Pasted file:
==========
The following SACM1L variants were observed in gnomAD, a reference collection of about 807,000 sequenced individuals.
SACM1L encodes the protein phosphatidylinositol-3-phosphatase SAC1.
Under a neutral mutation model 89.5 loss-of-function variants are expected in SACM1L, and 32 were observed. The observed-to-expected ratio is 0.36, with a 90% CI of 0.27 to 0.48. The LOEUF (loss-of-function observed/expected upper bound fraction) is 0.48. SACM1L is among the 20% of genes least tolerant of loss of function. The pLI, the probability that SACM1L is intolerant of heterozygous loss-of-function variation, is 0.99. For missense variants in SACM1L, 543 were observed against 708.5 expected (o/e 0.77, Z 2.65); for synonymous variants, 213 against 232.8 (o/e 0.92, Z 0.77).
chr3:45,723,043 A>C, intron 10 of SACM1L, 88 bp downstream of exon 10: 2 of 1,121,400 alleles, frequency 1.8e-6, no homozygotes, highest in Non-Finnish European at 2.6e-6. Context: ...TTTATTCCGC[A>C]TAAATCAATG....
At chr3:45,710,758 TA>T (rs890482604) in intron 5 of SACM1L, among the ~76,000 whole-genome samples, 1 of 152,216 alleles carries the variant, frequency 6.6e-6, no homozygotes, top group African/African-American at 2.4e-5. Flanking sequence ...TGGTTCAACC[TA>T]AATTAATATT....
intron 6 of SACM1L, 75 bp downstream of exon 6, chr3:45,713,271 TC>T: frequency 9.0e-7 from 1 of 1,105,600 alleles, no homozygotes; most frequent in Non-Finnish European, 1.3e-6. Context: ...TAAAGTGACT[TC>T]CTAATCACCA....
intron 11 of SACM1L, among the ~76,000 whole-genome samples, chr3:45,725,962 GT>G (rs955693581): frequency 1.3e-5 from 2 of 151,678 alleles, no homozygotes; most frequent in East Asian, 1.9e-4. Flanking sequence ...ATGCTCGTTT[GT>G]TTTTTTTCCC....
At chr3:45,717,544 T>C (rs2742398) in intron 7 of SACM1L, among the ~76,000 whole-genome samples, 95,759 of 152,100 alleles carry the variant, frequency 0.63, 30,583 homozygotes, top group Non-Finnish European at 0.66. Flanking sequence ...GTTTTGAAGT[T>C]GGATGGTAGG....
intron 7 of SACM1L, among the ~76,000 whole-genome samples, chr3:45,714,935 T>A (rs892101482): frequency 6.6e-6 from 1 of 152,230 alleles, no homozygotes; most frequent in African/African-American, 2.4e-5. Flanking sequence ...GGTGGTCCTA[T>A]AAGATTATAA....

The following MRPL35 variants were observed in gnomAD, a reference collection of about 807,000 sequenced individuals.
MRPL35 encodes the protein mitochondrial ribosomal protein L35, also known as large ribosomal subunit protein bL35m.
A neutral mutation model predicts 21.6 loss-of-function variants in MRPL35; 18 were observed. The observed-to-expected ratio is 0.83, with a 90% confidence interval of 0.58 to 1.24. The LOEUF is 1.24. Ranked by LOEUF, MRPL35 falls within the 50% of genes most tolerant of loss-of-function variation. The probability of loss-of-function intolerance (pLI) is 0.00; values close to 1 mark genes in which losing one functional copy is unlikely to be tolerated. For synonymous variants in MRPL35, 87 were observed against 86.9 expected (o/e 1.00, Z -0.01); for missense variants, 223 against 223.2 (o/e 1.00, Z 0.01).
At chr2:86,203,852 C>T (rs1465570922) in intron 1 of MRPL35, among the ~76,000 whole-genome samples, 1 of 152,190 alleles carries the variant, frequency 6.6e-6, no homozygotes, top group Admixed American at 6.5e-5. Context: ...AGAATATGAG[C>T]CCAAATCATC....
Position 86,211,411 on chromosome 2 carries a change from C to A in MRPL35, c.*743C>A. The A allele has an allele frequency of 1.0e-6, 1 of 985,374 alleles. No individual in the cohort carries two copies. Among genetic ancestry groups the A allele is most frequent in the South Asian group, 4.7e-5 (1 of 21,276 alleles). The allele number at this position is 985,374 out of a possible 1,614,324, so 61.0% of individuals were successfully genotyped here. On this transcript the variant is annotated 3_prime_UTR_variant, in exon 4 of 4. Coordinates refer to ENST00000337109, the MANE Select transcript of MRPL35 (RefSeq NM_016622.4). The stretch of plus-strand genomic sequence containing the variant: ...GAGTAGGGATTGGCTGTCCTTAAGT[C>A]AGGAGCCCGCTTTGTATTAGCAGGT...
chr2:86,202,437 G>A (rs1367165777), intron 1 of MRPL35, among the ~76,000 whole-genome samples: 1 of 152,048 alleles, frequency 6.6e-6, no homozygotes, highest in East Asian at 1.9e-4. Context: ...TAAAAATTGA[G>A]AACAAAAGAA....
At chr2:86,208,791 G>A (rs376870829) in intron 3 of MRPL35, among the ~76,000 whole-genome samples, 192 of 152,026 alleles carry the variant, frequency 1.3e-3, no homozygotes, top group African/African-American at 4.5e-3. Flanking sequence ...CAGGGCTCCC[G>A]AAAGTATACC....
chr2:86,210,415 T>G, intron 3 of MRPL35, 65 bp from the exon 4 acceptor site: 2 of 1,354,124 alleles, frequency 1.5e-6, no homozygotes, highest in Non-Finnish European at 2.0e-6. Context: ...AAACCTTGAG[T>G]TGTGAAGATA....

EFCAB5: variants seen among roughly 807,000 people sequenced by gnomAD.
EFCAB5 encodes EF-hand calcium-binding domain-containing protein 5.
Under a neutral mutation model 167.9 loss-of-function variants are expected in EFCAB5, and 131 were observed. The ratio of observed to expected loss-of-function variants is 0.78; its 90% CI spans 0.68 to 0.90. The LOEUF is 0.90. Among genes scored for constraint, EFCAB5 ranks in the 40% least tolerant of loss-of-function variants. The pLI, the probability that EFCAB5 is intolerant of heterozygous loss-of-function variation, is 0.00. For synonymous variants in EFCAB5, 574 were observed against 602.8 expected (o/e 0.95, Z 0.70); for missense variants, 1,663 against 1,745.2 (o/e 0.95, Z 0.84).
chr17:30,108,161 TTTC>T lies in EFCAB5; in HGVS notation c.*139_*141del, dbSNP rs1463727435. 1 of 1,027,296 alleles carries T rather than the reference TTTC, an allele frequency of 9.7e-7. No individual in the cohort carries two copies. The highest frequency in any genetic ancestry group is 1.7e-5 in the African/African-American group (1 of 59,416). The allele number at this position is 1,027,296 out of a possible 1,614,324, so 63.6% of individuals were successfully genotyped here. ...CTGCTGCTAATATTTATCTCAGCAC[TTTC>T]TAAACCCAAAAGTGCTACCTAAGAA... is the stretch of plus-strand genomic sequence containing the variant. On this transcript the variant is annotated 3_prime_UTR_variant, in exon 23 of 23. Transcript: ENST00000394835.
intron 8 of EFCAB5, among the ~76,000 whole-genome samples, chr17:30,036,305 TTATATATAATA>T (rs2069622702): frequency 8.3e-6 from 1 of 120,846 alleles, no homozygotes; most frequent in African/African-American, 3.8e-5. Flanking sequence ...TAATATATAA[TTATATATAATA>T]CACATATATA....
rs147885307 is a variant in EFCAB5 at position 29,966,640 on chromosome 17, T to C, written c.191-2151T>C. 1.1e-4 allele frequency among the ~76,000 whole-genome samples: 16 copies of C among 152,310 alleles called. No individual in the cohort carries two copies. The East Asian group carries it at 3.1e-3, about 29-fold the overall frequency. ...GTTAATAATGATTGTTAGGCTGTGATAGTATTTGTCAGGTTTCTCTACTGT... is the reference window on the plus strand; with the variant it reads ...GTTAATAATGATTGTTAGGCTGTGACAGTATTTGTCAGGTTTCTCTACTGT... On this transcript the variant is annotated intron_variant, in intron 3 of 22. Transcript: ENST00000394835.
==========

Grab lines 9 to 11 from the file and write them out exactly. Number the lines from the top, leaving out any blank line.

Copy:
intron 7 of SACM1L, among the ~76,000 whole-genome samples, chr3:45,714,935 T>A (rs892101482): frequency 6.6e-6 from 1 of 152,230 alleles, no homozygotes; most frequent in African/African-American, 2.4e-5. Flanking sequence ...GGTGGTCCTA[T>A]AAGATTATAA....

The following MRPL35 variants were observed in gnomAD, a reference collection of about 807,000 sequenced individuals.
MRPL35 encodes the protein mitochondrial ribosomal protein L35, also known as large ribosomal subunit protein bL35m.